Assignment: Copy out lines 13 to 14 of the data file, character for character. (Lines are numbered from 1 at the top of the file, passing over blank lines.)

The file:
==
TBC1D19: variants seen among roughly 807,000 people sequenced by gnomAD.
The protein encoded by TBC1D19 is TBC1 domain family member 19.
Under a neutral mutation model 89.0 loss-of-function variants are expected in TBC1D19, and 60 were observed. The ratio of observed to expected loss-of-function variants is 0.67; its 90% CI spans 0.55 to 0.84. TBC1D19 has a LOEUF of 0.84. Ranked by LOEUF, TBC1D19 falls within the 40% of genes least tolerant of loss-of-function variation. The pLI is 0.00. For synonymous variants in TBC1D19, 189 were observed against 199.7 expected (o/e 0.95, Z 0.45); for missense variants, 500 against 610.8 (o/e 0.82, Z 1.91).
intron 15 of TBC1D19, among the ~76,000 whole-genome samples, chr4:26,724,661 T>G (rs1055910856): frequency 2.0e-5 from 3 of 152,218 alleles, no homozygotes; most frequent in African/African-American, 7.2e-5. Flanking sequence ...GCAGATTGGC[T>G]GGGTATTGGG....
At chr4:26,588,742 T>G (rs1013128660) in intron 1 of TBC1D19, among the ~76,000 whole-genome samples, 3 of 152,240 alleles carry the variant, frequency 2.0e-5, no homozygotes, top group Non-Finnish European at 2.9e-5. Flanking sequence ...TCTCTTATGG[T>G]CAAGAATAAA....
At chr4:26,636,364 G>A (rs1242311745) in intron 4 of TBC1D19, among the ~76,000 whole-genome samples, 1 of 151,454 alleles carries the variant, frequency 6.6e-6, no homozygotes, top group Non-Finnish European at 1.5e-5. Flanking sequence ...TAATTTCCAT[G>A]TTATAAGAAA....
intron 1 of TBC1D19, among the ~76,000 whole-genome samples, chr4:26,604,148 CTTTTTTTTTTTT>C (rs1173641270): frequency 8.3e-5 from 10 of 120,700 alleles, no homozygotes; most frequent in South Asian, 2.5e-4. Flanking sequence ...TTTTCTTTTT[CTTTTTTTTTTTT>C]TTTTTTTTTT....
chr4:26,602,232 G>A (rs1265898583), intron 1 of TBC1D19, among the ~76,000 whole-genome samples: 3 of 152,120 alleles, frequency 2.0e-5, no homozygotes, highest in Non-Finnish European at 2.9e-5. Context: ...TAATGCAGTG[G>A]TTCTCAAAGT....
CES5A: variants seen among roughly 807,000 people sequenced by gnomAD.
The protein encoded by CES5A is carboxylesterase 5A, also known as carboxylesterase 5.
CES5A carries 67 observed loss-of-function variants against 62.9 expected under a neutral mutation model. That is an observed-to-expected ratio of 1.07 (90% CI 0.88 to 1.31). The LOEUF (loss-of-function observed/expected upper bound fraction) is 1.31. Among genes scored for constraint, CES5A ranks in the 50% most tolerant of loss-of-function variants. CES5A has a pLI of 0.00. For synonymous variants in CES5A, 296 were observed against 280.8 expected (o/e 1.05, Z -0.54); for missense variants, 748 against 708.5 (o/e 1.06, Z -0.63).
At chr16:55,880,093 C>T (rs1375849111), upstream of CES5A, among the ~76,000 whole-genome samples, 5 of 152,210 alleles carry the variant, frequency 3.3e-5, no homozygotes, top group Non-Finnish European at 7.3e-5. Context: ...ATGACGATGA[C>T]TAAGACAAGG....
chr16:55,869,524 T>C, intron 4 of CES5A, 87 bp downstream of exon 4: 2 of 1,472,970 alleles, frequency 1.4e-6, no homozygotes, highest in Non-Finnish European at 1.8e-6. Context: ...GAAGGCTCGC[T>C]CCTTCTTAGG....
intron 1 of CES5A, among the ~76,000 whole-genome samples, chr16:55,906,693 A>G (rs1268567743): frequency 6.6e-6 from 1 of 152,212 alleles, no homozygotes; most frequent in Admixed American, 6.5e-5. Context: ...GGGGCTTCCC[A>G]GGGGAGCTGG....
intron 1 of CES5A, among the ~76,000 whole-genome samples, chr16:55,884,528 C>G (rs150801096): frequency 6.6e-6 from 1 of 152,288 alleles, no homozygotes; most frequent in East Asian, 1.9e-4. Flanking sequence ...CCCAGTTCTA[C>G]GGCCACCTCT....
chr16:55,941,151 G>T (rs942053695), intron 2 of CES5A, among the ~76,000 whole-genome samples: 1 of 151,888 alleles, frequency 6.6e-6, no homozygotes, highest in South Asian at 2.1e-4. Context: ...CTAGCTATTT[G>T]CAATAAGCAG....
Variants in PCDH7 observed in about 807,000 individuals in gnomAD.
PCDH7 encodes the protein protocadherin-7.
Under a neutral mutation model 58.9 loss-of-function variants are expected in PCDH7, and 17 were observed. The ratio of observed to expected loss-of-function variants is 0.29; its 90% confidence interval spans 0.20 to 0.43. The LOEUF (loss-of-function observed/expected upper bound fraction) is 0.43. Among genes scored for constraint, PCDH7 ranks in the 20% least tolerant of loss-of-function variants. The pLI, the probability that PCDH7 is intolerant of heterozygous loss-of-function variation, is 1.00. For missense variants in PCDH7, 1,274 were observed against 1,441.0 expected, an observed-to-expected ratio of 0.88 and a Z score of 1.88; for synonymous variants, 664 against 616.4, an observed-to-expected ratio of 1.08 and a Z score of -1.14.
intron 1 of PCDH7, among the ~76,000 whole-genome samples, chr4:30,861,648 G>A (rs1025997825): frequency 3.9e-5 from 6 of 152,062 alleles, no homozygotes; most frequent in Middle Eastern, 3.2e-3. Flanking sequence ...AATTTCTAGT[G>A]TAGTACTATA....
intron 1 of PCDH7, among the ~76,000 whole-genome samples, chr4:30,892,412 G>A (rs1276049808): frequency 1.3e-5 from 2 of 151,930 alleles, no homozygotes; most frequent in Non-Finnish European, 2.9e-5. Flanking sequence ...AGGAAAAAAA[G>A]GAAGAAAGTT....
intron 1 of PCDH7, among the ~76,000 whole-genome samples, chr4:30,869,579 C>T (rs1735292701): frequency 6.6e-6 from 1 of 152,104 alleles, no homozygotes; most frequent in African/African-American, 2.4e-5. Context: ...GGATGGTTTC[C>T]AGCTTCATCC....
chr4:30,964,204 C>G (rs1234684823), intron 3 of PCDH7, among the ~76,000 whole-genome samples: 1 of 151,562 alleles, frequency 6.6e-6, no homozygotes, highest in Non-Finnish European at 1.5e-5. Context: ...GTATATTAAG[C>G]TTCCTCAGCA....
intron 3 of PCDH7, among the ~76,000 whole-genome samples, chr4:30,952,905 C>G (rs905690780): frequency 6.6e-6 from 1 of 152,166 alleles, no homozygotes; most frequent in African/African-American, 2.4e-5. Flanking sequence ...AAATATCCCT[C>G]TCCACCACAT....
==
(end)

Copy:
chr16:55,869,524 T>C, intron 4 of CES5A, 87 bp downstream of exon 4: 2 of 1,472,970 alleles, frequency 1.4e-6, no homozygotes, highest in Non-Finnish European at 1.8e-6. Context: ...GAAGGCTCGC[T>C]CCTTCTTAGG....
intron 1 of CES5A, among the ~76,000 whole-genome samples, chr16:55,906,693 A>G (rs1268567743): frequency 6.6e-6 from 1 of 152,212 alleles, no homozygotes; most frequent in Admixed American, 6.5e-5. Context: ...GGGGCTTCCC[A>G]GGGGAGCTGG....